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Vicky Milner addresses the crowd at last year’s Canadian Arts and Fashion Awards ceremony in Toronto.

GEORGE PIMENTEL/CAFA

Since co-founding the Canadian Arts & Fashion Awards event eight years ago, Vicky Milner has worked to turn it into one of the hottest tickets of the year, attracting designers, stylists, models and image makers from across the country to celebrate each other’s accomplishments at Toronto’s Fairmont Royal York Hotel.

Like countless other live events, the CAFA Awards Gala was canceled in 2020 because of the pandemic. This year, it’s going ahead on May 19 as a virtual event that Milner hopes will accomplish two things: give the thousands who work in fashion something to celebrate and get them out of their sweats and into some fabulous Canadian-made clothes.

In a conversation with The Globe and Mail, Milner talks about the hurdles her industry has faced over the past 12 months, some of the initiatives CAFA has launched to support its members through these trying times and her hopes that the next generation will demand – and support – a more sustainable industry.

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What will a virtual gala awards show look like?

We hope to shoot the one-hour broadcast in a studio, but given the most recent lockdown, it could all take place in our producer’s living room. Actor Amanda Brugel, known for her work on The Handmaid’s Tale and Kim’s Convenience, is our host and we will be celebrating previously announced honourees such as model Maye Musk, the global lifestyle brand October’s Very Own (OVO) and women’s-wear designer Tanya Taylor. We’re also excited about some special guests including artist and designer Sage Paul [artistic director of Indigenous Fashion Week Toronto] and George Sully, the creator of the Black Designers of Canada database.

You have said the digital format will ‘democratize’ the gala. What do you mean by that?

At the live gala, we host about 700 people, plus another 1,000 who come to the after party. We hope the virtual gala will attract far greater numbers because it will be accessible to more people, including family and friends of people who work in the industry, fashion students and all the creatives who simply love fashion from Winnipeg to Halifax to Calgary. We want people to have fun, dress up in their favourite Canadian brands and share their look on social media with the hashtag #CAFA2021. We want to honour our community at a time when so many people have been isolated and to remind them that there is support and resiliency to this industry.

Can you describe what the past year has been like for people who work in fashion?

Like many industries, it’s been super tough. Apparel is so tied to lifestyle, and for the past 12 months, everyone has been stuck at home. Designers of eveningwear or business/casual – pretty much everything except leisurewear – have seen sales drop precipitously. The spending is just not there. The designers and creatives I’ve been speaking to want to work, but their hands are tied. In normal times, the creative artists in fashion and beauty work in isolation from one another. During COVID, it’s been made that much worse. Now, more than ever, it’s important to uplift and acknowledge our homegrown talent and give them hope that there is light at the end of the tunnel.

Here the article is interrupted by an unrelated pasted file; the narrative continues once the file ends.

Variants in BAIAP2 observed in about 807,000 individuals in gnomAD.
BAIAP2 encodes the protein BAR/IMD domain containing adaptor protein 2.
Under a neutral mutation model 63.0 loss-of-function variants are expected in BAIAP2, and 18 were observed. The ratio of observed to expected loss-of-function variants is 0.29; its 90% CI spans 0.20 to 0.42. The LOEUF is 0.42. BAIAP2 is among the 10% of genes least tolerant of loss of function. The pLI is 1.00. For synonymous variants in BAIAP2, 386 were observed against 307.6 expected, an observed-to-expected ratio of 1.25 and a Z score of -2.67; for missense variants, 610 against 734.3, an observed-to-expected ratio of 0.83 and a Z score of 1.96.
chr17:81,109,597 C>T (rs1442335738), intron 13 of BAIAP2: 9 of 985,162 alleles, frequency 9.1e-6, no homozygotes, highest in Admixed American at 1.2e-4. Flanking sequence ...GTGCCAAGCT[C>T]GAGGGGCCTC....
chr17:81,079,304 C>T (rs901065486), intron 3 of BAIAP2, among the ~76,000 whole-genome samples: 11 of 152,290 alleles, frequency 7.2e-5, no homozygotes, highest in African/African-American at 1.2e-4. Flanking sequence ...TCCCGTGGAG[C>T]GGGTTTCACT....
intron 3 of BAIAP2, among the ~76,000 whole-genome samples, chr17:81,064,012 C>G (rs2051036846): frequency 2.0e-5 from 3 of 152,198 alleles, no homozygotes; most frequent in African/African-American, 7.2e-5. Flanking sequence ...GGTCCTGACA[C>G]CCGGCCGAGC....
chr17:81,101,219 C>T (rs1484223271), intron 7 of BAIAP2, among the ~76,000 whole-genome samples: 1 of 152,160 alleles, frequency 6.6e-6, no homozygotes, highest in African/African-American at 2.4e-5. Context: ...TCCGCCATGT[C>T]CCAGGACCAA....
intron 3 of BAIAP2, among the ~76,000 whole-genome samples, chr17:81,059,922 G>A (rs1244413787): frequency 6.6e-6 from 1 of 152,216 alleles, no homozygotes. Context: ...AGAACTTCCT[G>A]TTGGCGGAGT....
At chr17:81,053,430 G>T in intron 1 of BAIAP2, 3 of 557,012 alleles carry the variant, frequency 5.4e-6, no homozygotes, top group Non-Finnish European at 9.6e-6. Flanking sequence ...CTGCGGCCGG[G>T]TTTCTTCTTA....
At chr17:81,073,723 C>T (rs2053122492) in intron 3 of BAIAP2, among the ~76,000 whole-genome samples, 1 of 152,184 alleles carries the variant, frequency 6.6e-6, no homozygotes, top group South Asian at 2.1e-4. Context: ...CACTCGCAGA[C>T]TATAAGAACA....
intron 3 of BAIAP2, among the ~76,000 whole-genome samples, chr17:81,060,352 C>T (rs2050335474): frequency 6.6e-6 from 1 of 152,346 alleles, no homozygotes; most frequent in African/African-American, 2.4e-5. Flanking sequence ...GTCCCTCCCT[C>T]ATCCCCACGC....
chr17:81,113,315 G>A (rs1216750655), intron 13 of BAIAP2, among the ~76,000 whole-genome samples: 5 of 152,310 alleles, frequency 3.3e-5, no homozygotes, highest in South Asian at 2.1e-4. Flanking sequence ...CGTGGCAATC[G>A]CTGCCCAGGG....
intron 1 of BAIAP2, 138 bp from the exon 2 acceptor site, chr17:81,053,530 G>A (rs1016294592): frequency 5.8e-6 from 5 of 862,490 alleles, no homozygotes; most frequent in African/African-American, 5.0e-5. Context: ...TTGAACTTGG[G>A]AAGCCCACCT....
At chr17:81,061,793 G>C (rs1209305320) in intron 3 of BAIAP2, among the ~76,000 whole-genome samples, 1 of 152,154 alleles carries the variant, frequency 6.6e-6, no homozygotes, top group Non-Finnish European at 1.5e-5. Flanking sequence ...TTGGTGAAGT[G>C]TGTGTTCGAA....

What are some of the initiatives CAFA has undertaken to support the sector?

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When COVID hit, we started doing a series, twice a week, on Facebook Live called Live with CAFA to help ease some of the confusion and panic. For example, we invited a financial expert to explain the stimulus package and how to access it. We asked e-commerce savvy brands to share their strategies for building out digital platforms for online sales. It was beautiful to see how the community came together to help one another. Last fall, CAFA also created a digital platform for sales, called Shop Local Labels (shoplocallabels.com). It is a shopping guide to rally people around shopping local with more than 100 labels and over 350 products in fashion, accessories, jewellery, beauty products and wellness. If there is a silver lining to COVID, it’s that shopping local has been on people’s minds more and more. They have come to realize how amazing these businesses are – but more important – how fragile they are. I think more Canadian shoppers realize that every dollar they spend on homegrown talent counts.

At the start of the pandemic, the Council of Fashion Designers of America and the British Fashion Council said it was time for all brands, designers and retailers to reset and rethink the way in which the industry works – to slow it down. Do you agree?

The modus operandi for fashion was like being on a hamster wheel with everything moving forward at such a frenzied pace there was no time for reflection. For years, there has been too much waste and changes are needed at every level. There are too many deliveries. There has been too much merchandise generated and too much left unsold, most of which ends up in landfills. We all need to be more strategic about the collections cycle. Do we need collections for spring, summer, winter, fall, cruise wear etc.? Waste has been rampant.

Are you hopeful change will come?

The pandemic has made everyone – in every industry – stop and think. COVID has definitely taught us that anything can happen in the world, at any moment. I have twin girls who are 18 and the fashion labels that they stand behind are the one with a good social conscience. This generation wants to feel good about what they purchase. They are more educated, more informed and willing to make choices that are more sustainable. Science doesn’t lie and they are the ones listening to it.

This interview has been condensed and edited.

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